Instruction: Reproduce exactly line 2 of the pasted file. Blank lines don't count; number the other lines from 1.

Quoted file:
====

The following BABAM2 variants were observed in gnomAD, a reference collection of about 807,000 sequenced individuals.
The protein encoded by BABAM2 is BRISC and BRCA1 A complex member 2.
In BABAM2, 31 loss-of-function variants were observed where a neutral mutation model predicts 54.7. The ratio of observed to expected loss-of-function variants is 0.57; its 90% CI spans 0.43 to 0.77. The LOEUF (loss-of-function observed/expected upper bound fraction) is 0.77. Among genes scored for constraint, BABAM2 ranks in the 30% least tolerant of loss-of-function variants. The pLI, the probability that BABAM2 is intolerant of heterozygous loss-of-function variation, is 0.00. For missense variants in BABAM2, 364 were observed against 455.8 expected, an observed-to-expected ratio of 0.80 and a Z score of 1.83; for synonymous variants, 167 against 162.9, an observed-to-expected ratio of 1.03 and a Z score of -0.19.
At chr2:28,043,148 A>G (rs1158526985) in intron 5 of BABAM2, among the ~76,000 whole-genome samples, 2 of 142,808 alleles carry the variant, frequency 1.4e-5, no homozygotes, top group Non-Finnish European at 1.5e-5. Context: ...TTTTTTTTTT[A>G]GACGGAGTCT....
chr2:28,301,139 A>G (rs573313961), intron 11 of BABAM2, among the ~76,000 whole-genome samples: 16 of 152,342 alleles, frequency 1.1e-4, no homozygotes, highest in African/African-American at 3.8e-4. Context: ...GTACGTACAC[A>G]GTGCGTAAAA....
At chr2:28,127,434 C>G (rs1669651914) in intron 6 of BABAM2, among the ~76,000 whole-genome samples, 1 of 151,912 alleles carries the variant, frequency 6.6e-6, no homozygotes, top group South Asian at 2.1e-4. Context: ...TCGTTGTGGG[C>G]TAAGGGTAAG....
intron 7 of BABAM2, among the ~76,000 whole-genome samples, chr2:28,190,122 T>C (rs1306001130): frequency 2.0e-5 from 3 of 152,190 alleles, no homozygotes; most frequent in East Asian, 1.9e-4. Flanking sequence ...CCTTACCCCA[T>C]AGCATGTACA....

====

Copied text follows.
The protein encoded by BABAM2 is BRISC and BRCA1 A complex member 2.